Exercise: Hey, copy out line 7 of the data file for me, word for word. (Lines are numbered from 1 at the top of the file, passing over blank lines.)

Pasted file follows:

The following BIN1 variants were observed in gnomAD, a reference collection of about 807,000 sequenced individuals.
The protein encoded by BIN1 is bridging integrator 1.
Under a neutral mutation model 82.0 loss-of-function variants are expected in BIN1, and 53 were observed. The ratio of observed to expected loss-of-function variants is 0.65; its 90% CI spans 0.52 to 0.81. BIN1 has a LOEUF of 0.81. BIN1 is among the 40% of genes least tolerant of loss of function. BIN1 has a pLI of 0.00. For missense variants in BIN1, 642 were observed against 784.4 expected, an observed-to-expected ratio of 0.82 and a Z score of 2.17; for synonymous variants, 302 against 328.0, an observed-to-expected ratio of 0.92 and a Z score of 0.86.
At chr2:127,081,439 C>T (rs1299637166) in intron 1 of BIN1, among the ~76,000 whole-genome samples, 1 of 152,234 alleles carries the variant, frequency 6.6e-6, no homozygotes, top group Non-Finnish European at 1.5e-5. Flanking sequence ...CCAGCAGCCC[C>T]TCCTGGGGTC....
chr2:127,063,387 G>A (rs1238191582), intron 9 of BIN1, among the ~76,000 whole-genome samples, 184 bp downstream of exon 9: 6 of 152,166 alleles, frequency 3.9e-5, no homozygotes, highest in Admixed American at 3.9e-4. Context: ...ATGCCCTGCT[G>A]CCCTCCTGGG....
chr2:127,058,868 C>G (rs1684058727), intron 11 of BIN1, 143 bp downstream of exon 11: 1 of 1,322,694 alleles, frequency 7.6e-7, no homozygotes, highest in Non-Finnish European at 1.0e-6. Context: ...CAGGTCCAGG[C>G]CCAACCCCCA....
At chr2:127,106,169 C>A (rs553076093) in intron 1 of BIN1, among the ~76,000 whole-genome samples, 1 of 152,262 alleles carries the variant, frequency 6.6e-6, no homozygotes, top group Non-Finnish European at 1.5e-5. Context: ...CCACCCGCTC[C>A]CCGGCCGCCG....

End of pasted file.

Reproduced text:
At chr2:127,106,169 C>A (rs553076093) in intron 1 of BIN1, among the ~76,000 whole-genome samples, 1 of 152,262 alleles carries the variant, frequency 6.6e-6, no homozygotes, top group Non-Finnish European at 1.5e-5. Context: ...CCACCCGCTC[C>A]CCGGCCGCCG....